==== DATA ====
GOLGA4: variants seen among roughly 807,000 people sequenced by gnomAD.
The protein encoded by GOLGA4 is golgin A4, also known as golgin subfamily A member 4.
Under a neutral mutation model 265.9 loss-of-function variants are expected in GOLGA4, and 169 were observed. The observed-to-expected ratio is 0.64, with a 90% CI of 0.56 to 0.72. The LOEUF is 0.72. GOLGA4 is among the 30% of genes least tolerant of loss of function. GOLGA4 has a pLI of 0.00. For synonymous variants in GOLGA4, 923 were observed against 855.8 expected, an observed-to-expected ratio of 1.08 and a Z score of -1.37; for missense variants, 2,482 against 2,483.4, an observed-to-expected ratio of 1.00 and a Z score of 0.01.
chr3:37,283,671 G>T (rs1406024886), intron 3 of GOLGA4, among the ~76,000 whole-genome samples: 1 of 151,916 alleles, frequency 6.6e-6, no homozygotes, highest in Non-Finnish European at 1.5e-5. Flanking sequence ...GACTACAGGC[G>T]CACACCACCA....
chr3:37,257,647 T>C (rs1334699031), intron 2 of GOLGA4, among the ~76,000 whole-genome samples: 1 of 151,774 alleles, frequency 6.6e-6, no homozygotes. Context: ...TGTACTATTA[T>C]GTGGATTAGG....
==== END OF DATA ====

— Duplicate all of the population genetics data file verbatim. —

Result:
GOLGA4: variants seen among roughly 807,000 people sequenced by gnomAD.
The protein encoded by GOLGA4 is golgin A4, also known as golgin subfamily A member 4.
Under a neutral mutation model 265.9 loss-of-function variants are expected in GOLGA4, and 169 were observed. The observed-to-expected ratio is 0.64, with a 90% CI of 0.56 to 0.72. The LOEUF is 0.72. GOLGA4 is among the 30% of genes least tolerant of loss of function. GOLGA4 has a pLI of 0.00. For synonymous variants in GOLGA4, 923 were observed against 855.8 expected, an observed-to-expected ratio of 1.08 and a Z score of -1.37; for missense variants, 2,482 against 2,483.4, an observed-to-expected ratio of 1.00 and a Z score of 0.01.
chr3:37,283,671 G>T (rs1406024886), intron 3 of GOLGA4, among the ~76,000 whole-genome samples: 1 of 151,916 alleles, frequency 6.6e-6, no homozygotes, highest in Non-Finnish European at 1.5e-5. Flanking sequence ...GACTACAGGC[G>T]CACACCACCA....
chr3:37,257,647 T>C (rs1334699031), intron 2 of GOLGA4, among the ~76,000 whole-genome samples: 1 of 151,774 alleles, frequency 6.6e-6, no homozygotes. Context: ...TGTACTATTA[T>C]GTGGATTAGG....